Phytoceramides: The Latest “It” Ingredient for Healthy Skin


As we get older, our skin starts to lose the firmness and moisture that came with youth. So starts the search for the perfect product to regain plump skin and a dewy complexion. One trending ingredient category has captured the interest of beauty shoppers: phytoceramides. Should you give them a try?

What Are Ceramides?

The body naturally makes six ceramides, which are lipids that help the skin to retain density and lock in moisture. Skin ceramides make up 35–40% of the lipids in the extracellular “cement” that binds together protective cells in the outermost skin layer (i.e., the stratum corneum) (1).

These ceramides are impermeable, which means they keep excess water and toxins out of skin, but are strong enough to retain the moisture it needs. Ceramides are also what keeps our skin smooth, supple and tight.

As we age, our skin stops producing these lipids and the results aren’t pretty: visible aging skin.That includes wrinkles, age spots and rough, uneven skin (1).

To improve aging skin, researchers have investigated whether ceramides produced from other sources can help maintain healthy, younger looking skin. Ceramides were once mainly derived from soybean and bovine sources, but the market is vastly expanding.

Introducing: Phytoceramides

Phytoceramides are found in many common foods such as eggs, soybeans and spinach, but only comprise 0.3–0.4 grams/day of the typical person’s diet (2).

Therefore, replenishing these nutrients is often a job for topical products or dietary supplements that contain phytoceramides derived from sources like wheat, rice or even sweet potatoes. As mentioned earlier, the skin has six forms of ceramides and those derived from plants are chemically identical or very similar to our own, making them a very compatible ingredient for the skin (3).

Taken orally as a dietary supplement, phytoceramides are said to reach the skin’s top-most layers through its natural process: “delivery by the bloodstream to the deepest skin-cell layers, then gently nudged into the extracellular matrix. There, it restores the barrier function” (1).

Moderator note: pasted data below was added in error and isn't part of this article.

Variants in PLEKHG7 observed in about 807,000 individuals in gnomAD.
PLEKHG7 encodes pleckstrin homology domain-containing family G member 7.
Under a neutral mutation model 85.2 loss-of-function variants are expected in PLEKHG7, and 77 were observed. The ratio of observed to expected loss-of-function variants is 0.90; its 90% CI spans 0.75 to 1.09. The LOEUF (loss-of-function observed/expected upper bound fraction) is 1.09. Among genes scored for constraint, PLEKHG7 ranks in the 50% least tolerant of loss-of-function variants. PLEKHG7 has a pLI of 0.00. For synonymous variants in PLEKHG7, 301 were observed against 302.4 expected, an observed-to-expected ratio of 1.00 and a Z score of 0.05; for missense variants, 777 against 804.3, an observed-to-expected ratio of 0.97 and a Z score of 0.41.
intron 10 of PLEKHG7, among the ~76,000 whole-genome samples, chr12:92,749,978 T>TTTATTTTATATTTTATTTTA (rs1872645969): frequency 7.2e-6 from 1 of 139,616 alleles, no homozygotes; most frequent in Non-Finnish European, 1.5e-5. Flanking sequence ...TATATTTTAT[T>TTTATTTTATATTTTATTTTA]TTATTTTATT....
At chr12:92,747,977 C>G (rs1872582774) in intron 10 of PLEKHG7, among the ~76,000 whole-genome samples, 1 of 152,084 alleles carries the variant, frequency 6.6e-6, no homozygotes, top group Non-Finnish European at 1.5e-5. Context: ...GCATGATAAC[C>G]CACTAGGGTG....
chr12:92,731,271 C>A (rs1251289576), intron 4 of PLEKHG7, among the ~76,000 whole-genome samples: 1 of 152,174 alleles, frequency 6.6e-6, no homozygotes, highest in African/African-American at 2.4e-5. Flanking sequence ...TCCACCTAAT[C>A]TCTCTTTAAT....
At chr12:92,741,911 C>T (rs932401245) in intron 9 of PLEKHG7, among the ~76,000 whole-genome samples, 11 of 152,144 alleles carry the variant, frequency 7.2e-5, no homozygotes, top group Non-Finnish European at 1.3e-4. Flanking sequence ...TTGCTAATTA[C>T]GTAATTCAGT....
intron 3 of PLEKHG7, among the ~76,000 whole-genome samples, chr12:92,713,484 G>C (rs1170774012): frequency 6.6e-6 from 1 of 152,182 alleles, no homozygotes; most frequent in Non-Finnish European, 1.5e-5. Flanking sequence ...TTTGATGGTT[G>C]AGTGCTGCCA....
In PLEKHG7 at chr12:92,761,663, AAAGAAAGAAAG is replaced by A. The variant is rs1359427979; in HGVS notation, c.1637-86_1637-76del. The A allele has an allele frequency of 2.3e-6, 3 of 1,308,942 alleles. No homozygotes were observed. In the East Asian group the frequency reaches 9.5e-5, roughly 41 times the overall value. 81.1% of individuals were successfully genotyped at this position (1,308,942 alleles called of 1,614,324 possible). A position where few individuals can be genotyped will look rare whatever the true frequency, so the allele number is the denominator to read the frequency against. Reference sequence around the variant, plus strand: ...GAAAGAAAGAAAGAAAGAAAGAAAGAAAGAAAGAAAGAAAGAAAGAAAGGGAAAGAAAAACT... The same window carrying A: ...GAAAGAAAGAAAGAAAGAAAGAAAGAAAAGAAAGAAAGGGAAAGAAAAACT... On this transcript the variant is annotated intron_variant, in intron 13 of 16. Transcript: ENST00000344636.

Supplementation with wheat ceramides has been shown to battle other factors that contribute to skin aging like lack of hydration (4). Moreover, ceramides also prevent melanogenesis, which occurs when the skin makes too much pigmentation resulting in age spots and other types of skin discoloration (1).

There’s also hope for those worried about keeping skin free of fine lines: “Studies have shown that wheat phytoceramides reduce levels of free radicals in the skin and inhibited elastase enzymes, which would ordinarily destroy elastin and contribute to loss of skin flexibility and increased wrinkling (1).”

Applying ceramides directly to the skin is said to help add moisture, but the results are only temporary. According to one source, “The problem is that a topical ceramide application is not the body’s natural route for infusing the skin’s outer layer with ceramide molecules—that occurs from the inside out” (1).

Does it Work?

Phytoceramide products have been available for decades overseas in places like Japan and China. But, where is the evidence that they work?

Several studies cover the safety and efficacy of wheat-/rice-derived ceramides. In one study on a wheat-derived phytoceramide, women with dry to very dry skin took either a placebo or phytoceramide supplement (200 mg/ daily) for three months. Skin hydration was then assessed using various dermatological analytical equipment, a dermatologist’s examination and self evaluation. Those taking the phytoceramide extract displayed more skin hydration, as assessed by all these testing methods. Dry patches, roughness and itching were all reduced. None of these results were found in the placebo group (1). In another study of a wheat-derived phytoceramide, 350 mg of the ingredient was found to hydrate the skin, reduce dryness and reduce redness (5). While phytoceramides cannot treat conditions or diseases, some studies have even found benefits for individuals affected by skin conditions like atopic dermatitis (5).

A double-blind study from Osaka City University focused on rice-derived phytoceramides. The supplement (40 mg/day) was tested in 33 people and found to be safe and helpful for delivering benefits to the stratum corneum (5).

It should be noted that like all skin health supplements, phytoceramides won’t erase wrinkles overnight. Rather, since the skin takes about one month to renew itself, it will take time for new, healthy skin cells to reach the skin’s surface. WF


1. M. Downey, “Phytoceramides,”, accessed Aug. 31, 2015.
2. H. Vesper et al., “Sphingolipids in Food and the Emerging Importance of Sphingolipids to Nutrition,” J. Nutr. 129 (7), 1239–1250 (1999).
3. Phyto-derived Ceramides New Dietary Ingredient Notification,, accessed Aug. 31, 2015.
4. PLT Health Solutions, “Lipowheat,”, accessed Aug. 31, 2015.
5. R. Haas, “Unique Plant Lipids for Skin Rejuvenation and Hydration,”, accessed Aug. 31, 2015.

Published in WholeFoods Magazine, October 2015